Mapping Neural Activation onto Behavior in an Entire Animal

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Science  25 Apr 2014:
Vol. 344, Issue 6182, pp. 372-373
DOI: 10.1126/science.1253853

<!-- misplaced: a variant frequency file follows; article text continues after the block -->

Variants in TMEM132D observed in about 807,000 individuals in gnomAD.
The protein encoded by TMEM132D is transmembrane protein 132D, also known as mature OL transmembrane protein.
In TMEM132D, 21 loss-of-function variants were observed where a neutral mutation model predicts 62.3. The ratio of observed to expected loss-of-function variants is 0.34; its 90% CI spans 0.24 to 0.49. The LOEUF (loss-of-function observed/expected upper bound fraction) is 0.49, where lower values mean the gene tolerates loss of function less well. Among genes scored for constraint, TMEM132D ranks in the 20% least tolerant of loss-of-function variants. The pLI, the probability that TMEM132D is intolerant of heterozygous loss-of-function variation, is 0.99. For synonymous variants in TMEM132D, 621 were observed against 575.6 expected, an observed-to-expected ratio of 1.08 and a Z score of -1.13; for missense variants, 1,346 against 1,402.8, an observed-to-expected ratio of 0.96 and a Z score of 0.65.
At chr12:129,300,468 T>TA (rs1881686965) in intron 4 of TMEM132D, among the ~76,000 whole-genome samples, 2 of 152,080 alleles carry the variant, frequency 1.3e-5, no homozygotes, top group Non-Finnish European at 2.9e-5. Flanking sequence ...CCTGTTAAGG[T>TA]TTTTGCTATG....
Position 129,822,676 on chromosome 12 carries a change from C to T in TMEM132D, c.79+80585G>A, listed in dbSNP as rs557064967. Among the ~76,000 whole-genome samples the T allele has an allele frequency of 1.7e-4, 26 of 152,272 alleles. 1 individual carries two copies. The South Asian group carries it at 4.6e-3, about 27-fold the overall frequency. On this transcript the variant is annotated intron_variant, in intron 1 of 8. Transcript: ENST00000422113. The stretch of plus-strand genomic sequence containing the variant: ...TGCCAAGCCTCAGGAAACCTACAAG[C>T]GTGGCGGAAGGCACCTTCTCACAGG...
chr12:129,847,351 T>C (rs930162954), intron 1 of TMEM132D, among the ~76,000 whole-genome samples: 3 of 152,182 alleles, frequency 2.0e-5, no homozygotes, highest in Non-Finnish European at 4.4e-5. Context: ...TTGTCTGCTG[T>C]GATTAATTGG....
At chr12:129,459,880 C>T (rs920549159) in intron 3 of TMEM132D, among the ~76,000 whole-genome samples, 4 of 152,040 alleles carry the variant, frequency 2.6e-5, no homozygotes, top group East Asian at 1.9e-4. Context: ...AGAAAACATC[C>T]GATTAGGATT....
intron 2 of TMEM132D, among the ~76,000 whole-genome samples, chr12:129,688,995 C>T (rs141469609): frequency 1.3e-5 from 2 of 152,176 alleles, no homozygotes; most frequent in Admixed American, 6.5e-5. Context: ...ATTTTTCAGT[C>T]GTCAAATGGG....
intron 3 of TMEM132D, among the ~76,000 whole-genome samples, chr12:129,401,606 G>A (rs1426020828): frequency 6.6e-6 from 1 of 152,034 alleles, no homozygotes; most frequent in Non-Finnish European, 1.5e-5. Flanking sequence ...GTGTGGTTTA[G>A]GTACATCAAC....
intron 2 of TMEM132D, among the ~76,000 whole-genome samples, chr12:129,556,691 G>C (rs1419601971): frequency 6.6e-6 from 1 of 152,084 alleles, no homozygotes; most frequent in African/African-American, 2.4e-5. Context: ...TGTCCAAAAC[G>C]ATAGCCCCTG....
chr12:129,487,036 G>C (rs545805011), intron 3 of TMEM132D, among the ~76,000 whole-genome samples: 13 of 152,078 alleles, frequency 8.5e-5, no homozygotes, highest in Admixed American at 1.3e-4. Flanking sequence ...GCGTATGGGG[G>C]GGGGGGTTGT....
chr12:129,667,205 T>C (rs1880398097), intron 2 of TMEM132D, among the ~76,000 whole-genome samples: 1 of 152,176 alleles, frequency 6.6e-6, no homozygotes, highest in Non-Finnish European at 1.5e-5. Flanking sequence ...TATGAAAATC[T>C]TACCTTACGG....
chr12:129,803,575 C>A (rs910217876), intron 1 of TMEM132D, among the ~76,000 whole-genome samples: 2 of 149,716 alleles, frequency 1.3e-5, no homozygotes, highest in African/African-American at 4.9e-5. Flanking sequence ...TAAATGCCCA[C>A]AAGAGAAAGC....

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For almost a century, neuroscientists have tried to understand how patterns of neuronal activity generate behavior. Many of the early studies turned to the “simple” systems of invertebrates in the hope of discovering the components of circuits and their connections. A striking finding was the existence of “command neurons” in arthropods and molluscs that produce complex and coordinated movements when stimulated (1, 2). The challenge was then to identify the connections between these neurons and other neurons important for those behaviors. This approach was always limited to examining only a few neurons from the tens or hundreds of thousands in the animal (3). On page 386 of this issue, Vogelstein et al. (4) usher in a new era of integrated methods for deciphering how an entire nervous system generates behavior.